The campaign for Scottish independence was often accused of something like this – of creating a simplistic narrative of hope over fear, of acting as if a fully self-governing Scotland would be some sort of utopia. There is an element of truth to this – how could there not be in a complicated debate which, in the end, came down to a single, landscape-changing binary question? As much as all of us who were involved in it think of our political views as complex and nuanced, pragmatic as much as idealistic, based on solid policy research rather than the sentimental nationalism we were constantly accused of, there is no getting around the fact that the summer of 2014 was also characterised by a rush of giddiness – the playwright David Greig likened it to a ‘summer of love’ – as we dared to imagine a different sort of country, a different way of governing. Neither is there any getting around the fact that the days following 18 September were characterised (as I’d expected and feared) by something like the first stage of grief. Shock, denial, despair. I know people who genuinely felt that all was lost, that all political hope had died in that moment. That everything felt unreal. This was, after all, more than just an election, something you could have another go at in four years. It felt like a one-off, and in that moment it felt as if we’d been defeated for ever. The starkness of that feeling seemed to transcend everyday political concerns.
On 19 January, the anniversary of my dad’s death, I started taking anti-depressants again for the first time in years. I went through long-term depression in my twenties, from which I have now mostly recovered, but occasionally there are relapses if I’m not looking after myself well enough. In this case I was suffering from stress and exhaustion, trying to do several freelance jobs simultaneously while looking after two very small children who wake me up seven or eight times a night, and something had to give. At least, that’s what I think the reason was. But I may be wrong. I’m accustomed to lack of sleep, and to multi-tasking, and have survived many Edinburgh festivals without succumbing to depression, so it was odd that it happened now. It wasn’t until two days later that my wife pointed out to me that I’d gone to the doctor exactly a year after my dad died. She was surprised and concerned that I hadn’t talked about this, and that I might be keeping something from her. The truth was that I hadn’t actually realised what date it was. Was it a subconscious reaction, then? Was my mind somehow rejecting an idea that still felt unreal to me? Was my ‘newfound reality’ too much to bear? I genuinely don’t know. I’ll figure it out in time. In the meantime, the pills are helping.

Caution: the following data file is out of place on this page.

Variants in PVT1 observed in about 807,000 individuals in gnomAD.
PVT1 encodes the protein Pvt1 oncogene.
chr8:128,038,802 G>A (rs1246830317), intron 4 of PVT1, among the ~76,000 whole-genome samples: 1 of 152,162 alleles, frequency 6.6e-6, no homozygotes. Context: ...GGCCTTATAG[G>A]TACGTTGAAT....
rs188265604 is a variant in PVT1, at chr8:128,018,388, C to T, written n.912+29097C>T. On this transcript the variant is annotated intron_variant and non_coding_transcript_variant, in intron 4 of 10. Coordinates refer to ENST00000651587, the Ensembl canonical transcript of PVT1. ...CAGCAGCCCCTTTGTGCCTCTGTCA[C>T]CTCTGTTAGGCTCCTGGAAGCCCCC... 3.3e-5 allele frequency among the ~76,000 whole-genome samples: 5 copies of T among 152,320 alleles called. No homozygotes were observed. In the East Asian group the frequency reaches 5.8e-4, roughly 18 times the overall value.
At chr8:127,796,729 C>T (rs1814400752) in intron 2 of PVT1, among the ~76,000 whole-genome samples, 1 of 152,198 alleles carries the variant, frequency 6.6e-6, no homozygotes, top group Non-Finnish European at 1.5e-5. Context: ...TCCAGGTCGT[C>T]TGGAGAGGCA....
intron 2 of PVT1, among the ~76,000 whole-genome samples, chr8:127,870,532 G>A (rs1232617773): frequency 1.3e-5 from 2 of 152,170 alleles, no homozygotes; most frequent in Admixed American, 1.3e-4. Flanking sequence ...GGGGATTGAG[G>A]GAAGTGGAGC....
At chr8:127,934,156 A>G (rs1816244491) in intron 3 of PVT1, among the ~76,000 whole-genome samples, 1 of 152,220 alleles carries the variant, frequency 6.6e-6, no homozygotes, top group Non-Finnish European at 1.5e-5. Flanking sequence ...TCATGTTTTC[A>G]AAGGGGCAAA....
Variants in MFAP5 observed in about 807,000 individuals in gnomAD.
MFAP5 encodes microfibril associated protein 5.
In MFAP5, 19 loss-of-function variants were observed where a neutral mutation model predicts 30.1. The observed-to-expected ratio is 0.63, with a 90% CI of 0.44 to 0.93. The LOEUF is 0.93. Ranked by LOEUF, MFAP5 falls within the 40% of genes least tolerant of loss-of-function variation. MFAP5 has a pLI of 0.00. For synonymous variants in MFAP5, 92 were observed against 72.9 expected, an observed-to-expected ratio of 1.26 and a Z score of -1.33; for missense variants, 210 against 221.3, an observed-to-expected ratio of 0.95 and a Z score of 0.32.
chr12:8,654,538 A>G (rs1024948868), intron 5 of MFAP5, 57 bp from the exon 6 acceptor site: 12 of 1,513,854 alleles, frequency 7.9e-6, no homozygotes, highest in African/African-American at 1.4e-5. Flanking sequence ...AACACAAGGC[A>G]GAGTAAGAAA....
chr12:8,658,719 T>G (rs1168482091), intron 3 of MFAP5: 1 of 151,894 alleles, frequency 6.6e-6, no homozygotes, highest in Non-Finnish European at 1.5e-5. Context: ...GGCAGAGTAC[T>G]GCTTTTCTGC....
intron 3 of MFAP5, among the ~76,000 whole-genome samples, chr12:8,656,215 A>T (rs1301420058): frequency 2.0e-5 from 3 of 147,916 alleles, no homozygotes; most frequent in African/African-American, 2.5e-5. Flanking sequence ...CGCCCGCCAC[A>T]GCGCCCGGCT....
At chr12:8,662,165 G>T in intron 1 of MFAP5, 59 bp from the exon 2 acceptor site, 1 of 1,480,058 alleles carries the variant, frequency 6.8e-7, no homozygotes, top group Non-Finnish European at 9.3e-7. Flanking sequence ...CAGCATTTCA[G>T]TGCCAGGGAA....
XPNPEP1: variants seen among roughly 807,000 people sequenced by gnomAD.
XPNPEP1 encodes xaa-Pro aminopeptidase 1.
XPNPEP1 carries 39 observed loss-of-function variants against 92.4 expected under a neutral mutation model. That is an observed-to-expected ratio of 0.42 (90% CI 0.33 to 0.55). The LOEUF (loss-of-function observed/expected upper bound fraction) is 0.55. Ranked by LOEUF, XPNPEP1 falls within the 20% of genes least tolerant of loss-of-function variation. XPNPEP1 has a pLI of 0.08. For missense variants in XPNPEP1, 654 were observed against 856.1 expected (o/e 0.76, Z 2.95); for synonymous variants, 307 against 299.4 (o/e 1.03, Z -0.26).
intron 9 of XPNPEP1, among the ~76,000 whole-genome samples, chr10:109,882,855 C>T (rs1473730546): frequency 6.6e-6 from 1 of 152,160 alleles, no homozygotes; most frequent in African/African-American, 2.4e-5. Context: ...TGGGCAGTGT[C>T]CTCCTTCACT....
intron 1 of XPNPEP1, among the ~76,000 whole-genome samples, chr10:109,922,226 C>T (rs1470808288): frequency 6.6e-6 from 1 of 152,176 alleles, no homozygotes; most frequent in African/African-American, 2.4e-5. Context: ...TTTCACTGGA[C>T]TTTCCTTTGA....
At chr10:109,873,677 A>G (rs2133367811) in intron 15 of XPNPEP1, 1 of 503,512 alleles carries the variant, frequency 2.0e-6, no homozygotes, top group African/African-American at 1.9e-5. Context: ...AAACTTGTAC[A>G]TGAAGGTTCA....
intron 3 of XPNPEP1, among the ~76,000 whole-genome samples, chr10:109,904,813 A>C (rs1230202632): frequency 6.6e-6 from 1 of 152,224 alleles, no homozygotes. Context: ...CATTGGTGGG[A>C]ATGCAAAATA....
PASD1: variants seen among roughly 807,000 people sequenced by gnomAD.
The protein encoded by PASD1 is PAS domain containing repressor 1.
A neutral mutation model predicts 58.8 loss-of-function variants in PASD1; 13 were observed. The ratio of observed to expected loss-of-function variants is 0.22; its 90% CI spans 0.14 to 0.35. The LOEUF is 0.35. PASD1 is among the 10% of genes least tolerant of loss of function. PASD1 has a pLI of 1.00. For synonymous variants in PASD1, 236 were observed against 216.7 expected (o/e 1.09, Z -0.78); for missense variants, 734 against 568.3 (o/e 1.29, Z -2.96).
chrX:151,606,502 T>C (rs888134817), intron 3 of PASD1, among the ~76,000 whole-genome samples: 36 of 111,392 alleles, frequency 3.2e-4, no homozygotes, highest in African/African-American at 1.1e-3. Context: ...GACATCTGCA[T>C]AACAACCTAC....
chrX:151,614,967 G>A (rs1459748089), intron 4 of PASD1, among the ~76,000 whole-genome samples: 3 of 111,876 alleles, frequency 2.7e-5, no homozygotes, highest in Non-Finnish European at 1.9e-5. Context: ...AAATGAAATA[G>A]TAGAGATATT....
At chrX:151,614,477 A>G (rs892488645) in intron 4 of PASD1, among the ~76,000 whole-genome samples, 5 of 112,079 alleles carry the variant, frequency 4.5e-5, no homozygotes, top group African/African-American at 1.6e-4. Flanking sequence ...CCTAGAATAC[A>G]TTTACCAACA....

Last week I joined the Green Party, which caught me slightly by surprise. I have been a Labour supporter most of my life, even through the Blair and Brown years (although I let my membership lapse when John Smith died and haven’t been a member of any political party since). While I like to think of myself as left-wing, when it comes down to it I’m also too much of a pragmatist ever to be any sort of political radical. My dad was the same. He was fond of the Otto von Bismarck quote “politics is the art of the possible” and Churchill’s suggestion that “democracy is the worst form of government apart from all the others that have been tried”, and would repeat at least one of them most times we had a conversation about politics. Both of these ideas are lodged deep in my psyche, to the extent that I am instinctively suspicious of anything that feels too radical. My mind rejects it. It’s partly why I became a journalist – a good journalist, I always felt (rather idealistically, perhaps), should always try to find the middle ground, to give every side of the argument a fair hearing.
Except that this reality, the view of the world I inherited from my dad, has fallen apart in recent years. It couldn’t survive the referendum. Those years of heightened debate helped to open up endless numbers of questions – for me and many others – about how this country, and the world in general, is governed, and what the alternatives might be. If it’s possible to break up the United Kingdom after hundreds of years, after all, what else is possible? If it’s possible for Scotland to rid itself of nuclear weapons, what else is possible? The more we asked these questions, the less radical they seemed.